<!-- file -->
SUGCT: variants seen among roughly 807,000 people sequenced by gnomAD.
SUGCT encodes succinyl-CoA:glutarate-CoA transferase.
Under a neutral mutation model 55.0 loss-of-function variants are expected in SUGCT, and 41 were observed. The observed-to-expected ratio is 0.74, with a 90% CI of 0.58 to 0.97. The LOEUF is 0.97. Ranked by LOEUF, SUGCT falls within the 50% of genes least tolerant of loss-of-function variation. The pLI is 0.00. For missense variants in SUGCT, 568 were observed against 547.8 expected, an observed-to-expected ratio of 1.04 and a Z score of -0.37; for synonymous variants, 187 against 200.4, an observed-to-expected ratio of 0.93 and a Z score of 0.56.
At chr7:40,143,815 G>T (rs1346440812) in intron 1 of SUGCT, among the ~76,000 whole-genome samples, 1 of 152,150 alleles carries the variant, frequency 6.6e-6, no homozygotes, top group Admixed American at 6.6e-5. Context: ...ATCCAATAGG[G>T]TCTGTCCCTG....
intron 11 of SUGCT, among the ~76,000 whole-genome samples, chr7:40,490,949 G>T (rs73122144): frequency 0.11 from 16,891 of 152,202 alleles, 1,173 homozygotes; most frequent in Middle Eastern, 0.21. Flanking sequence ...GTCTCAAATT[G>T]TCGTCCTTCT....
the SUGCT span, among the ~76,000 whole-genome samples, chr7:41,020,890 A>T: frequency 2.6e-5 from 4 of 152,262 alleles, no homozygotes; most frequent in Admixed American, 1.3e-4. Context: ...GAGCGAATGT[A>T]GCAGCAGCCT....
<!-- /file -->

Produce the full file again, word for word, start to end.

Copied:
SUGCT: variants seen among roughly 807,000 people sequenced by gnomAD.
SUGCT encodes succinyl-CoA:glutarate-CoA transferase.
Under a neutral mutation model 55.0 loss-of-function variants are expected in SUGCT, and 41 were observed. The observed-to-expected ratio is 0.74, with a 90% CI of 0.58 to 0.97. The LOEUF is 0.97. Ranked by LOEUF, SUGCT falls within the 50% of genes least tolerant of loss-of-function variation. The pLI is 0.00. For missense variants in SUGCT, 568 were observed against 547.8 expected, an observed-to-expected ratio of 1.04 and a Z score of -0.37; for synonymous variants, 187 against 200.4, an observed-to-expected ratio of 0.93 and a Z score of 0.56.
At chr7:40,143,815 G>T (rs1346440812) in intron 1 of SUGCT, among the ~76,000 whole-genome samples, 1 of 152,150 alleles carries the variant, frequency 6.6e-6, no homozygotes, top group Admixed American at 6.6e-5. Context: ...ATCCAATAGG[G>T]TCTGTCCCTG....
intron 11 of SUGCT, among the ~76,000 whole-genome samples, chr7:40,490,949 G>T (rs73122144): frequency 0.11 from 16,891 of 152,202 alleles, 1,173 homozygotes; most frequent in Middle Eastern, 0.21. Flanking sequence ...GTCTCAAATT[G>T]TCGTCCTTCT....
the SUGCT span, among the ~76,000 whole-genome samples, chr7:41,020,890 A>T: frequency 2.6e-5 from 4 of 152,262 alleles, no homozygotes; most frequent in Admixed American, 1.3e-4. Context: ...GAGCGAATGT[A>T]GCAGCAGCCT....